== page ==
Layout table for study information
Study Type : Interventional  (Clinical Trial)
Estimated Enrollment : 23 participants
Allocation: Randomized
Intervention Model: Sequential Assignment
Intervention Model Description: Following baseline measurement, either conventional low-flow oxygen delivery or oxygen delivery via the Revoxa Oxygen Rebreather device is initiated for 20 minutes, followed by the other modality for 20 minutes. The order of treatments will be determined quasi-randomly based on whether the patient is enrolled on an odd-numbered day, or an even-numbered day.
Masking: None (Open Label)
Primary Purpose: Supportive Care
Official Title: Pilot Study to Evaluate the Revoxa™ System in Hypoxic Patients
Estimated Study Start Date : January 4, 2021
Estimated Primary Completion Date : July 1, 2021
Estimated Study Completion Date : July 1, 2021

Resource links provided by the National Library of Medicine

MedlinePlus related topics: Oxygen Therapy

Arm Intervention/treatment
Active Comparator: Conventional low-flow Oxygen Delivery Device: Conventional (low flow) oxygen delivery via nasal cannula
Conventional (low flow) oxygen delivery via nasal cannula or face mask for 20 minutes

Experimental: Oxygen Delivery via Revoxa Oxygen Rebreather Device Device: Revoxa Oxygen Rebrearther
Oxygen delivery via Revoxa Oxygen Rebreather device for 20 minutes




Primary Outcome Measures :
  1. Oxygen flow required to achieve SpO2 >96%. [ Time Frame: Baseline to 20 min ]

Secondary Outcome Measures :
  1. Average oxygen consumption [ Time Frame: Baseline to 20 min ]
  2. Peak SpO2 [ Time Frame: Baseline to 20 min ]
  3. Patient-reported dyspnea (Modified Borg Scale) [ Time Frame: Baseline to 20 min ]
  4. Patient-reported comfort (Visual Analogue Scale) [ Time Frame: Baseline to 20 min ]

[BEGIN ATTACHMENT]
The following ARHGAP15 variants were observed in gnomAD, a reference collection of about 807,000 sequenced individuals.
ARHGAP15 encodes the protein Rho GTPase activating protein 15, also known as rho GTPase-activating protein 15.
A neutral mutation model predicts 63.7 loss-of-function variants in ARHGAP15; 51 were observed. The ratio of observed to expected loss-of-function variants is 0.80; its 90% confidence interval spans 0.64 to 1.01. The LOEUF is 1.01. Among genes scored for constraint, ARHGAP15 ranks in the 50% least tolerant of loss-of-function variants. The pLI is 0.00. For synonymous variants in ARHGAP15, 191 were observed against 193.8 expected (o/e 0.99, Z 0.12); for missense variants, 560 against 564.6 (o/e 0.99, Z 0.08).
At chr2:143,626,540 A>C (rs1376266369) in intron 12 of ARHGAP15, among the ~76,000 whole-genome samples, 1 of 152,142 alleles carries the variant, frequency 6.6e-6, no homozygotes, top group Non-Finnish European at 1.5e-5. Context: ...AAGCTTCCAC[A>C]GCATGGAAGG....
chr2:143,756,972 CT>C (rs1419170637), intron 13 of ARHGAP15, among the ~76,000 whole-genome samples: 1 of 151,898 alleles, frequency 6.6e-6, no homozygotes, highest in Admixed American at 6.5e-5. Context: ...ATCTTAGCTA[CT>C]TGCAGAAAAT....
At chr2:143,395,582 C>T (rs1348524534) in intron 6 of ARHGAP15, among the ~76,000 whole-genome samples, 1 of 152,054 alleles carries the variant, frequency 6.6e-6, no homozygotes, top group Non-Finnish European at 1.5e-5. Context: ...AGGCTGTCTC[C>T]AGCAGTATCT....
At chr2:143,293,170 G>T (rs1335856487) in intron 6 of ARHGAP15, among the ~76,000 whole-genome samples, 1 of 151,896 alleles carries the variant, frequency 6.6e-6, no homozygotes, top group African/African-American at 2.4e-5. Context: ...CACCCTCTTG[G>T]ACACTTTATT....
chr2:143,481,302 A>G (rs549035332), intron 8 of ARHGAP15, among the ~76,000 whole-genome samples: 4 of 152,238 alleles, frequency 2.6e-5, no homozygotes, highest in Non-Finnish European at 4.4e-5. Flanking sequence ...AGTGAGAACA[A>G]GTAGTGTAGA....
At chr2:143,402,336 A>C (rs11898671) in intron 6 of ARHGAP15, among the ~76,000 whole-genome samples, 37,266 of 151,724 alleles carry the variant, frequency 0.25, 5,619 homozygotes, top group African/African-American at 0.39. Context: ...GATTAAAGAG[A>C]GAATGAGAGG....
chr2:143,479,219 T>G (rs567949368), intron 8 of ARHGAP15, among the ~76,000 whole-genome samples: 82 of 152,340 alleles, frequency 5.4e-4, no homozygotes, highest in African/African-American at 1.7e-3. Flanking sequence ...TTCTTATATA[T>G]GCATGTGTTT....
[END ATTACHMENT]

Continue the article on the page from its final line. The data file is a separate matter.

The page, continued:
Information from the National Library of Medicine

Choosing to participate in a study is an important personal decision. Talk with your doctor and family members or friends about deciding to join a study. To learn more about this study, you or your doctor may contact the study research staff using the contacts provided below. For general information, Learn About Clinical Studies.


Layout table for eligibility information
Ages Eligible for Study:   18 Years and older   (Adult, Older Adult)
Sexes Eligible for Study:   All
Accepts Healthy Volunteers:   Yes
Criteria

Inclusion Criteria:

Group A - Healthy adults (≥ 18 years of age) with SpO2 ≥ 96% without oxygen supplementation

Group B - non-severe hypoxemia requiring supplemental oxygen as defined by:

  • SpO2 > 96% with oxygen face mask or nasal cannula with low flow oxygen <5LPM
  • Adults (≥ 18 years of age)

Group C - Hypoxemia requiring supplemental oxygen as defined by:

  • Oxygen saturation (SpO2) ≤ 92% on room air as measured by pulse oximetry; or
  • SpO2 < 94% with oxygen face mask or nasal cannula with low flow oxygen <5LPM
  • Adults (≥ 18 years of age)

Exclusion Criteria:

  • Acute / unstable cardiovascular condition
  • Pregnancy
  • Imminent need for intubation or noninvasive ventilation
  • Glasgow coma scale <14

Information from the National Library of Medicine

To learn more about this study, you or your doctor may contact the study research staff using the contact information provided by the sponsor.

Please refer to this study by its ClinicalTrials.gov identifier (NCT number): NCT04699942


Contacts
Layout table for location contacts
Contact: David Maslove, MD 613-533-6000 ext 7471 David.Maslove@kingstonhsc.ca
Contact: Tracy Boyd 613-533-6000 ext 2608 tracy.boyd@kingstonhsc.ca

Locations
Layout table for location information
Canada, Ontario
Kingston Health Sciences Centre
Kingston, Ontario, Canada, K7L 2V7
Contact: David Maslove, MD    613-549-6666 ext 7471    David.Maslove@kingstonhsc.ca   
Contact: Tracy Boyd    613-549-6666 ext 2608    Tracy.Boyd@kingstonhsc.ca   
Sponsors and Collaborators
Dr. David Maslove
Ironstone Professional Development
Layout table for additonal information
Responsible Party: Dr. David Maslove, Associate Professor, Queen's University
ClinicalTrials.gov Identifier: NCT04699942    
Other Study ID Numbers: 6031410
First Posted: January 7, 2021    Key Record Dates
Last Update Posted: January 7, 2021
Last Verified: January 2021
Individual Participant Data (IPD) Sharing Statement:
Plan to Share IPD: No

Layout table for additional information
Studies a U.S. FDA-regulated Drug Product: No
Studies a U.S. FDA-regulated Device Product: No
Keywords provided by Dr. David Maslove, Queen's University:
hypoxia
hypoxemia
oxygen delivery
COVID-19
rebreather circuit
Additional relevant MeSH terms:
Layout table for MeSH terms
Hypoxia
Signs and Symptoms, Respiratory